Summer of 2019, after the passing of both Debbie's parents, Debbie and her husband of 42 years, Kevin, began the process of remodeling her parents home with the idea that this house would become their home to enjoy as they both were nearing the age of retirement. Debbie was still working at the local post office, Kevin after many years of working for Channing Bete now found time to work on their new home when Channing Bete closed their doors for good.
During the summer we began to notice Debbie's behavior change, her short term memory was getting worse and worse. Her balance seemed off, and her energy levels depleted at a rapid rate where she was spending most of her time sleeping and confused. Kevin sought out medical help to examine Debbie's condition due to her history with Diabetes. What was discovered during a scan of her brain was that she had Craniopharyngioma, a rare type of noncancerous (benign) brain tumor.
Given her symptoms she was fast tracked to Brigham and Women’s hospital where we as a family decided with her that she needed surgery to remove the mass. After many hours in surgery her medical team said it was a success and that we'd be able to visit her the next day. Next morning we were all amazed at just how well she was doing after such a huge operation, some of us had to leave after visiting with her to get back to our family and jobs with the idea that she'd be home in a few days.
What happened later that night has lead to many months of heartache and flipped all our lives upside down. Deb experienced a brain bleed and went into a coma followed by months and months of recovery and rehab, you can read Kevin and Debbie's story here for a more details on what she's been through
Debbies path to recovery
With the coronavirus surge we were not able to visit as much as we'd like, with a long stretch of time not being able to visit at all. Needless to say it was tough having her way out in Boston in her condition and in the middle of a pandemic.
Debbie is now home after almost a year in the Spaulding rehab facility. She works with Kevin and other visiting nurses weekly from home to hopefully regain her ability to sit, stand, do simple daily tasks, swallow, work on short term memory, and hopefully with time walk.
Nov 5th 2020, Debbie and Kevin headed back to Boston for a follow up with her medical team and another MRI scan to see how her brain was doing. Kevin hired a local transit authority with a chair van to transport them to Boston and back since they don't have a wheel chair van. While getting the MRI scan Deb got sick and vomited in the MRI machine (for unknown reasons she'll randomly have that happen) this obviously meant her appointment was running longer that expected. Kevin communicated with the driver that things were running late and he'd be in touch as things progressed. Results of the MRI revealed that Debbie's tumor had already started growing back and further treatment was necessary.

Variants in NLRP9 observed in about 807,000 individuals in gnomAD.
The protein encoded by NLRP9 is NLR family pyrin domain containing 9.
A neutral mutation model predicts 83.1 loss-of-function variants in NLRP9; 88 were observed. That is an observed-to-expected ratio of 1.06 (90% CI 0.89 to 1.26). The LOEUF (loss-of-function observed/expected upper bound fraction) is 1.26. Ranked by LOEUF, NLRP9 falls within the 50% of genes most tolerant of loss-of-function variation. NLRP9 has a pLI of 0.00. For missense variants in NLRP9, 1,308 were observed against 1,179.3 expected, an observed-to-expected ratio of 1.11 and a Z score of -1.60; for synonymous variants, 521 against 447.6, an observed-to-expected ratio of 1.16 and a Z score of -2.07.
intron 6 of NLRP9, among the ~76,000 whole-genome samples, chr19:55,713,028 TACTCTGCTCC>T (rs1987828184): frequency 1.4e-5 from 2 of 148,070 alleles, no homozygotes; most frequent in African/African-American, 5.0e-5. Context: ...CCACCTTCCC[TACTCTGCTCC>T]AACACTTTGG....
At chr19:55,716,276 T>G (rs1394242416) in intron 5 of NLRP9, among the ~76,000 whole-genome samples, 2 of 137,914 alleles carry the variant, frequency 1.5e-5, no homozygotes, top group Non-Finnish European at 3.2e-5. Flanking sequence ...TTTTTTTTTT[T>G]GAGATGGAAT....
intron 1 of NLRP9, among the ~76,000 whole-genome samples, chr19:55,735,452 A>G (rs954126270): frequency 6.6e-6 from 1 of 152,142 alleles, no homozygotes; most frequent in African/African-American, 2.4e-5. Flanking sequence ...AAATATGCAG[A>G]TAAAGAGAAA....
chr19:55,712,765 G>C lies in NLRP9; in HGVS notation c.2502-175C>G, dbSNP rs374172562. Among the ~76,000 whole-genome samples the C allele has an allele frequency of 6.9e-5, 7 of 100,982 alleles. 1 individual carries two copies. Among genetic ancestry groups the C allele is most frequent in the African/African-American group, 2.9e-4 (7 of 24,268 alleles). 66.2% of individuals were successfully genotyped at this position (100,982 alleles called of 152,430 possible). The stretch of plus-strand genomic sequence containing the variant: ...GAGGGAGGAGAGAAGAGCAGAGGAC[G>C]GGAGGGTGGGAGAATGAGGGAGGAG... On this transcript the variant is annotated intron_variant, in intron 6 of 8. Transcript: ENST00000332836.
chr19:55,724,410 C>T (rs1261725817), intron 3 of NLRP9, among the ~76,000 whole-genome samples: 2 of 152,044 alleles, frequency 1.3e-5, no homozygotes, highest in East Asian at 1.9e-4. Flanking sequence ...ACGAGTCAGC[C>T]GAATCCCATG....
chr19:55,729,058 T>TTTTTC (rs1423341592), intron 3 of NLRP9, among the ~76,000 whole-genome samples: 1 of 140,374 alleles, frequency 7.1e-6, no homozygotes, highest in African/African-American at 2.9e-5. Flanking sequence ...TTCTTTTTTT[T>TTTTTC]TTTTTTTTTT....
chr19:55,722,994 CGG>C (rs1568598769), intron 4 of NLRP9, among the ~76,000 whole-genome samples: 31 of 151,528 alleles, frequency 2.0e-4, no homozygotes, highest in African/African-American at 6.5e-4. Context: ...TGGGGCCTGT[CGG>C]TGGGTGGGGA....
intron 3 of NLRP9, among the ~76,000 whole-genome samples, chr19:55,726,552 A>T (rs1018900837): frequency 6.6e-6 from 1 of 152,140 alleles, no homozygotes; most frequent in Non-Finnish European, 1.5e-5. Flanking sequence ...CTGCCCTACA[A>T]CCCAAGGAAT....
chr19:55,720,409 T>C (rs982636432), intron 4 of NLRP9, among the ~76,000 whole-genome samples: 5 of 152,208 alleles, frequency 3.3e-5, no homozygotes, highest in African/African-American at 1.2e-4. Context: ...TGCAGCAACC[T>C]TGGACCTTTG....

After a long mental and psychically trying day for both Kevin and Debbie. Kevin messaged the driver saying they were ready to leave. The drivers response, he had already left, abandoning Kevin and Debbie 3 hours from home with no options. Neither the local transit authority or the driver ever told Kevin that the driver was leaving. With family 3 hours away and her need for her meds/feed tube/ hospital bed and hospitals full ( many being Covid-19 patients), staying anywhere but home wasn't an option. Only with the help of hospital staff they were able to arrange a ride home in from a local ambulance company and arrive many hours later.
Deb's next line of treatment will be radiation, meaning many trips back and forth for several weeks. We're in the process of learning exactly what treatment will entail but one thing is for sure, we want to do anything we can for our amazing parents.
Kevin isn't one who likes to ask for help so we decided to venture this route and see if we help them.
Our goal is to try to help our parents acquire a wheelchair van so that we can get mom to the treatments she needs without the added stress and cost of trying to find transportation. Her treatments need to start asap so the sooner we can make this happen the better. We've already located a chair van in NH that we think will be perfect for both of them so anything anyone can do will go a long way to helping us offset the $28,000 cost of the van.
We greatly appreciate anything anyone can do to help.
- Linda Magee
- Becky Richotte
- Deb + Guy Wheeler
- Geraldine Poirier
- Kathy and Ray Nicholas
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